Vivien v. WorldCom

Vivien v. WorldCom, Inc., No. 3:02-cv-01329 (N.D. Cal. July. 26, 2002) established a new legal theory permitting workers to recover for losses in their 401(k) retirement plans caused by investment in their employers' stock.

Vivien v. WorldCom
US DC NorCal.svg
United States District Court for the Northern District of California
Full case nameStephen Vivien and Edward Prince v. WorldCom, Inc., Bernard J. Ebbers, and Scott D. Sullivan
Date decidedJuly 26, 2002
Docket nos.3:02-cv-01329
Citations2002 U.S. Dist. LEXIS 27666; 2002 WL 31640557
Judge sittingWilliam Haskell Alsup
Case history
Related actionsIn re WorldCom, Inc. Securities Litigation, MDL No. 1487, 1:02-cv-03288, 234 F. Supp. 2d 301 (S.D.N.Y. 2002)


The Complaint alleged that the WorldCom Retirement Plan administrators were WorldCom insiders who knew or had reason to know that the price of WorldCom stock was artificially high because public statements concerning the Company's business and prospects were false or misleading to investors. When the facts became public, the stock plummeted, thus resulting in the near total loss of retirement funds.

Problems With Remedies Under the Securities Law

The allegations of fraud and artificial inflation of WorldCom's stock price formed the basis for a lawsuit brought by investors under the securities laws, but that suit offered inadequate chance for recovery for WorldCom employees who invested in company stock in their 401(k) plan. A common perception is that employees actually own stock in their companies when they invest in company stock funds in their retirement plan. Typically, however, the plan itself owns the stock.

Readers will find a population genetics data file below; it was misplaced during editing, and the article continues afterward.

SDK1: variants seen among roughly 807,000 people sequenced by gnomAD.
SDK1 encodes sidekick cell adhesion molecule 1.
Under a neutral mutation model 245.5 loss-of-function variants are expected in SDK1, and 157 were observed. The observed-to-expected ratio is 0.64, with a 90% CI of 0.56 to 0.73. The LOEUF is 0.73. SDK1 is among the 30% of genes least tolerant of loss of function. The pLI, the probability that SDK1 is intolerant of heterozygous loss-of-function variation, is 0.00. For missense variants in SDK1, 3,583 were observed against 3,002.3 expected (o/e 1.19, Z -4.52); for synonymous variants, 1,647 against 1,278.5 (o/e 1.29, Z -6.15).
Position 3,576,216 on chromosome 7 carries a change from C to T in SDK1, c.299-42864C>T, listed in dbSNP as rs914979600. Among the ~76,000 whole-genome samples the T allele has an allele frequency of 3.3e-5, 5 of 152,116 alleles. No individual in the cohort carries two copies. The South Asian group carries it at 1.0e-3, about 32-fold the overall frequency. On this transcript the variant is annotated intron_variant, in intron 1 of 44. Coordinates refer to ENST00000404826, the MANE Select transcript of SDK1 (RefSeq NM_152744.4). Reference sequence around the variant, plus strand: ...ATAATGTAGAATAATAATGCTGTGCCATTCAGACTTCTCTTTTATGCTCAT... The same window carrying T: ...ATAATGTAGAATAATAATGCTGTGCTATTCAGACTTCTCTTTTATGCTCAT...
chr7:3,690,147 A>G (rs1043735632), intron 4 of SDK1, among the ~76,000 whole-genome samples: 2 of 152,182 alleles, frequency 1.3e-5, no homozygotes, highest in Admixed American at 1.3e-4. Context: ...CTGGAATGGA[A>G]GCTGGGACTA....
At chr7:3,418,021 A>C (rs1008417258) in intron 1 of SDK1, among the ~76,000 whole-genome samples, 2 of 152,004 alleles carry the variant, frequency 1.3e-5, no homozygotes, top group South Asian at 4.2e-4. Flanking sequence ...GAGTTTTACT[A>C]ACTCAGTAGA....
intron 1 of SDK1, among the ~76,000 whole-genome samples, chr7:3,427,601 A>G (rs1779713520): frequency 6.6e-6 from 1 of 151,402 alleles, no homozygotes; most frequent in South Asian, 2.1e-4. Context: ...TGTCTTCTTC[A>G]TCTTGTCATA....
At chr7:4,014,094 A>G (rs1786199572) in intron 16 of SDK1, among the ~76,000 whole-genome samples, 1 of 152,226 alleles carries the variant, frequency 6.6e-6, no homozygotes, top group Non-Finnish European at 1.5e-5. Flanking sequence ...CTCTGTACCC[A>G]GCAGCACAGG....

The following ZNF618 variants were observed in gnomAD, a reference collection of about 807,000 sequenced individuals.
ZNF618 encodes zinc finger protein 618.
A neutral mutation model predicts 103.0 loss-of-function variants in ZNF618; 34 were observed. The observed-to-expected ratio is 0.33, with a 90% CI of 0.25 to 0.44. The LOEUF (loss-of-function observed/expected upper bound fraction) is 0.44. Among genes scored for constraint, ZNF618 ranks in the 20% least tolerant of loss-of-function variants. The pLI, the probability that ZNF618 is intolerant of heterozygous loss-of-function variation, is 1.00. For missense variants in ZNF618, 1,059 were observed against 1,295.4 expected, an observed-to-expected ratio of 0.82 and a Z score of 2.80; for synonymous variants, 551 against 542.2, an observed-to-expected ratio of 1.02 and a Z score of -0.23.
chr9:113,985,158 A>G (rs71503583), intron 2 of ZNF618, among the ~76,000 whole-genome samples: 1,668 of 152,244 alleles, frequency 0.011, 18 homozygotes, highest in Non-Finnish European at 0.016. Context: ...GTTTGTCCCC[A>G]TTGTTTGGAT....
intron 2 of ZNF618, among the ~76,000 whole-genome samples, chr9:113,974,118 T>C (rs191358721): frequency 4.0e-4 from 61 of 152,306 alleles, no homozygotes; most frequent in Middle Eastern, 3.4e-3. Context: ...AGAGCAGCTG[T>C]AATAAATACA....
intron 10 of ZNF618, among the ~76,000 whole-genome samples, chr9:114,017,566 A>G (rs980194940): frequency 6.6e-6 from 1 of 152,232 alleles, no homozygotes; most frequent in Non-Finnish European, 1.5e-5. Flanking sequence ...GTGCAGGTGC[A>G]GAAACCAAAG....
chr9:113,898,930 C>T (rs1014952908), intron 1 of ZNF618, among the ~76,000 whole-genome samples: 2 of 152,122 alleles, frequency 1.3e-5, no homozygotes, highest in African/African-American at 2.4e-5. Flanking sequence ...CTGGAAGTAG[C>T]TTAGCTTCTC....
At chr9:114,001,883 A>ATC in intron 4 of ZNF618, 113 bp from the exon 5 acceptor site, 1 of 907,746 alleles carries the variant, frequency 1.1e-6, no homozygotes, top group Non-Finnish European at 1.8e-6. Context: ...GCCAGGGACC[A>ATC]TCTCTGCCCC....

The securities laws provide limited help in the case of 401(k) plans because investors can only recover for shares that they purchased during the period when the stock was artificially inflated by fraud; they cannot recover for losses to stocks that they purchased before the fraud began, but held during the period of artificial inflation. Moreover, suits on behalf of a retirement plan need only prove breach of fiduciary duty and are not required to meet the more difficult fraud standard.

The Vivien Suit's ERISA-Based Theory of Recovery

Because of the limitations outlined above, plaintiffs in the Vivien action sued under the Employee Retirement Income Security Act (ERISA) of 1974, a federal statute established to protect the rights of employee benefit plan participants.

ERISA requires that those who run employee welfare plans – including 401(k) retirement plans – have a duty to provide accurate information about the plans to participants, and to invest the assets of the plans prudently. These are "fiduciary duties" – the highest duties imposed by law.

The Vivien Complaint alleged that the Defendants breached their fiduciary duty of prudence under ERISA by continuing to invest plan assets in WorldCom stock when the stock was artificially inflated by the false and misleading statements of WorldCom's senior management.

The Defendants moved to dismiss the complaint, arguing that it was "actually a securities-fraud action governed by the Private Securities Litigation Reform Act masquerading as an ERISA action." The Court disagreed.


Giving the judgment of the Court, Judge William Alsup held that the plaintiff's complaint adequately alleged that the defendants acted in a fiduciary capacity and had breached that duty by their imprudent investment in company stock.


The Vivien decision provided the legal framework for many similar suits filed by employees of companies such as AOL Time Warner, Reliant Energy, Cardinal Health, Tyco International, Merck, and Dell. In the wake of these suits, many major companies have begun to restructure their 401(k) plans, eliminating the requirement to own company stock.

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